“A print surface, perhaps, but these are people!”

“It works on me,” he said, thrusting at me a bare arm that showed scarcely any scarring. “Now either let the girl do her work, or do it for her.”

I backed away quickly, wishing things were otherwise; but in those days Aanschultz and his peers needed fear no distracting investigations from the occupational safety officials.  He could with impunity remain oblivious to everything but the work that absorbed him.


This term is used in a chemical, an optical, and an esoteric sense. In the first case designates the taking up of one substance by another, just as a sponge absorbs or sucks up water, with hardly any chemical but merely a physical change involved; this is by far the least esoteric meaning, roughly akin to those surface phenomena which Aanschultz hoped to strip aside. Optically, absorption is applied to the suppression of light, and to it are due all color effects, including the dense dark stippling of the pores of Aanschultz’s face, ravaged by the pox in early years, and the weird violet aura–the same color as his eyes, as if it had bled out of them–that limned his profile as he bent closer to that weirdly angled aperture into artificial darkness.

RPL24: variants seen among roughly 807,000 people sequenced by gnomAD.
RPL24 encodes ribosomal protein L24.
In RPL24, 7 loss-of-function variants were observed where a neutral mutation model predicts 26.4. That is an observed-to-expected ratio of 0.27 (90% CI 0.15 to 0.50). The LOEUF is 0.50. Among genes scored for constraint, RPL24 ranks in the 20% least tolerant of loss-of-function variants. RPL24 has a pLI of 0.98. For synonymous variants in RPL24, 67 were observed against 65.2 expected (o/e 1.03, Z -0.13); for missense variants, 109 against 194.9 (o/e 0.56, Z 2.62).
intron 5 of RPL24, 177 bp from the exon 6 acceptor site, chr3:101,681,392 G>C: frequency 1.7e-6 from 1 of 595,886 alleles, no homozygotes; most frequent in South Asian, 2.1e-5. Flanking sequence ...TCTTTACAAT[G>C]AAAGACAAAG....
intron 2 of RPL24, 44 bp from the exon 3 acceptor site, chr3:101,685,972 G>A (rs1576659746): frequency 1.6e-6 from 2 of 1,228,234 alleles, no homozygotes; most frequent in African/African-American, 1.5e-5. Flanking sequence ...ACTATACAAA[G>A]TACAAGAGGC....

My friend, with unexpected consideration for my lack of expertise, now said: “According to Draper’s law, only those rays which are absorbed by a substance act chemically on it; when not absorbed, light is converted into some other form of energy. This dark beam converts matter in ways heretofore unsuspected, and is itself transformed into a new substance. Give me my phantospectroscope.”

This last command was meant for the girl, who hurriedly retrieved a well-worn astrolabe-like device from a concealed cabinet and pressed it into her master’s hands.

“The spectrum is like nothing ever seen on this earth,” he said, pulling aside the rack of filter bottles and bending toward his abat-nuit with the phantospectroscope at his eye, like a sorcerer stooping to divine the future in the embers of a hearth where some sacrifice has just done charring. I could not bear the cold heat of that unshielded black fire. I took several quick steps back.

“I would show you,” he went on, “but it would mean nothing to you. This is my real triumph, this phantospectroscope; it will be the foundation of a new science. Until now, visual methods of spectral inspection have been confined to the visible portion of the spectrum; the ultraviolet and infrared regions gave way before slow photographic methods; and there we came to a halt. But I have gone beyond that now. Ha! Yes!”

He thrust the phantospectroscope back into the burned hands of his assistant and made a final adjustment to the levers that controlled the angle and intensity of rays conducted through the abat-nuit. As the darkness deepened in that clinical space, it dawned on me that the third and deepest meaning of absorption was something like worship, and not completely dissimilar to terror.